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Thursday, April 24, 2014

Task 97 - Getting my License to Carry (Basic Firearms Safety Course)

Under the 2nd amendment, citizens of the United States are granted the right to bear arms. After several unspeakable tragedies involving individuals not fit to possess gaining access to a firearm many are arguing for stronger gun control. While I understand the need to keep weapons from those who are not fit or of impaired mental capacity from any and all access I am also compelled to argue in favor of the 2nd amendment for those of us who are of sound mind, body and clean criminal record and capable of securing our firearms properly. 

With the argument in full swing I decided that it was as good a time as ever to get my License to Carry (LTC) just in case the rules change or it is made so difficult that getting one is nearly impossible. In the state of Massachusetts getting a LTC is not a simple process. In fact it is a multi-stage process that starts with taking an 8-hour safety course which will educate you on proper gun use if you didn’t already know it. The course ended with an exam and range test. In order to receive your certificate you must pass all portions of the class. The range test is where you get the opportunity to fire a pistol under the supervision of trained, certified, and licensed individuals who will evaluate your skills and competence. Only if they are comfortable with you will they sign your certificate of completion.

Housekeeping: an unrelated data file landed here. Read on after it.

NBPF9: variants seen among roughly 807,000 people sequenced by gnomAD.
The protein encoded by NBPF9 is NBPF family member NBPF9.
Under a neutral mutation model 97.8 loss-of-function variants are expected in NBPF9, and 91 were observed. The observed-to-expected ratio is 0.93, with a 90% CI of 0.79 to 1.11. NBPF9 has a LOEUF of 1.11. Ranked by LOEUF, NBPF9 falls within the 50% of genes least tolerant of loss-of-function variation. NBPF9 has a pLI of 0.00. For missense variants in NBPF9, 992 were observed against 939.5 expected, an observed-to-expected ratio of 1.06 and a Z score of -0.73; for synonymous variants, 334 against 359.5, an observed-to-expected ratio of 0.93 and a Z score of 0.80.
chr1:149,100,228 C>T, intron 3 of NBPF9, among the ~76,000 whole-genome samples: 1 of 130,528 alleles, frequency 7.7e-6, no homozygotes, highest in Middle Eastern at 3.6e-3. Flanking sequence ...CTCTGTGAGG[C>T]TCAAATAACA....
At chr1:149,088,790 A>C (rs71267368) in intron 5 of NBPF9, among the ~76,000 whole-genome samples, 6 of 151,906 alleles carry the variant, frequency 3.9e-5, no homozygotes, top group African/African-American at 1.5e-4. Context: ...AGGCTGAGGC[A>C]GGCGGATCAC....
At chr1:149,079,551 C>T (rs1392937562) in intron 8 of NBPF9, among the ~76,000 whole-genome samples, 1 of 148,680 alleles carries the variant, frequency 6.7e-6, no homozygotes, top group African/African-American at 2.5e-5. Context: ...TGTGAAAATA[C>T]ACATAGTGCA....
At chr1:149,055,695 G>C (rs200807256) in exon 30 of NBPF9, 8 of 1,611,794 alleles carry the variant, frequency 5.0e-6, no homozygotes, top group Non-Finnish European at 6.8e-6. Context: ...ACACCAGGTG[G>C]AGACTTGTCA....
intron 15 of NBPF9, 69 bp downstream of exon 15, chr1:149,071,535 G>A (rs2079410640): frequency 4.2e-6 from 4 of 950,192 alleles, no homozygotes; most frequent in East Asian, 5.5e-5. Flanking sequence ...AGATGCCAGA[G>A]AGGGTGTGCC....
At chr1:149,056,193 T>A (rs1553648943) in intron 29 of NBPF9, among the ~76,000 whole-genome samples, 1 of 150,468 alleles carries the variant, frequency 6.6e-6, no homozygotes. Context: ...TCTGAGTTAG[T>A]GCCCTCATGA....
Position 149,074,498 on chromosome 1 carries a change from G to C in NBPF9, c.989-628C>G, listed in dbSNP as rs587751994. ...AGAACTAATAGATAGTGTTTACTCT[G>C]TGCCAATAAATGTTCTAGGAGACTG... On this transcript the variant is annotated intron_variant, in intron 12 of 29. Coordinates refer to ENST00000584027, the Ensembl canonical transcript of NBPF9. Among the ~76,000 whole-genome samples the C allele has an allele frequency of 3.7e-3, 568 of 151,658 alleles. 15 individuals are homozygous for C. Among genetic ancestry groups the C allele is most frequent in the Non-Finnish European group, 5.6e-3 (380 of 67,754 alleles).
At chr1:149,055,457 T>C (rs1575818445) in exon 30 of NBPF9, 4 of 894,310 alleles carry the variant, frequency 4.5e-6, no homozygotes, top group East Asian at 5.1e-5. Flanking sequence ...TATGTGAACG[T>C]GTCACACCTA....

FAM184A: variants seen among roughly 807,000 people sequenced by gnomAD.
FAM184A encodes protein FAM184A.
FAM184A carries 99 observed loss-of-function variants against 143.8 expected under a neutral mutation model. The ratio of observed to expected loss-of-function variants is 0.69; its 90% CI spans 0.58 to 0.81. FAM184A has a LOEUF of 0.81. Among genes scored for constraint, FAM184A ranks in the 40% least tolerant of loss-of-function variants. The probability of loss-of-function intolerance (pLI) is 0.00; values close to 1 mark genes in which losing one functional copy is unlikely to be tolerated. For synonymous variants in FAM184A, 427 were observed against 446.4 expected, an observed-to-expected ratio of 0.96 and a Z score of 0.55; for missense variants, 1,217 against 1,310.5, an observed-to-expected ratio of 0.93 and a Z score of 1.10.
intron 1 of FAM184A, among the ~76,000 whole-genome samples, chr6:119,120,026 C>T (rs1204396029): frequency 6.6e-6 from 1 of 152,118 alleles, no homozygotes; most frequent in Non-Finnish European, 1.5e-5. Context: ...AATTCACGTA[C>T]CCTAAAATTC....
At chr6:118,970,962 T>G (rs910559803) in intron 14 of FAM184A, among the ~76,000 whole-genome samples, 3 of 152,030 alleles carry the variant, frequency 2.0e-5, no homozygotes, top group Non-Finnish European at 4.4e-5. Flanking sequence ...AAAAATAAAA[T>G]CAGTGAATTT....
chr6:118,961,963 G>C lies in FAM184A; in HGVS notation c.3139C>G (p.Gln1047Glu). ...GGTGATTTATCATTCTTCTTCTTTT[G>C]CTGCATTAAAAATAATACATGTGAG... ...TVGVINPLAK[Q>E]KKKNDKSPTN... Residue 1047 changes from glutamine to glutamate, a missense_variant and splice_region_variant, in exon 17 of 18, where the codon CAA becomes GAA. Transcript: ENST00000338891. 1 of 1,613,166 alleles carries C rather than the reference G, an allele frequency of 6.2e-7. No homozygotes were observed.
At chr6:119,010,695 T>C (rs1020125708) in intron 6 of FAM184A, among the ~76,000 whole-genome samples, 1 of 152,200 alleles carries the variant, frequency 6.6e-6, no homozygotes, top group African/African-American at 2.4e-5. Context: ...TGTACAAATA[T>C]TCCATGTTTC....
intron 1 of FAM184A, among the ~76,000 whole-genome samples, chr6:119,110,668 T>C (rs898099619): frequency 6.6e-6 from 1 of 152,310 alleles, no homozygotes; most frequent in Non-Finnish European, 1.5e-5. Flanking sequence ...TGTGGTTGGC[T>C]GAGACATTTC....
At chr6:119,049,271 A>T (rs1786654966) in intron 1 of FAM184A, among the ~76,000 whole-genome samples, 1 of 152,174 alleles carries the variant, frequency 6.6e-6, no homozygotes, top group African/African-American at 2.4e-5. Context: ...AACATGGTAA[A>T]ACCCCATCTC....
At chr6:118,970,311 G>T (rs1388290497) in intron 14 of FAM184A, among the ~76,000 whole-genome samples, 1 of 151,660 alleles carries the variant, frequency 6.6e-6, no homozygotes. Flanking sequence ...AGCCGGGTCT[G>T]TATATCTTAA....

Only after completing and passing such a course can you apply for a LTC. The application process also has significant rules and criteria to ensure that they are not given out to anyone unfit to have one. In the state of Massachusetts you must complete and submit an application in the town/city where you live. Often these applications must also include letters of recommendation from people who can and will speak for your competence and mental health.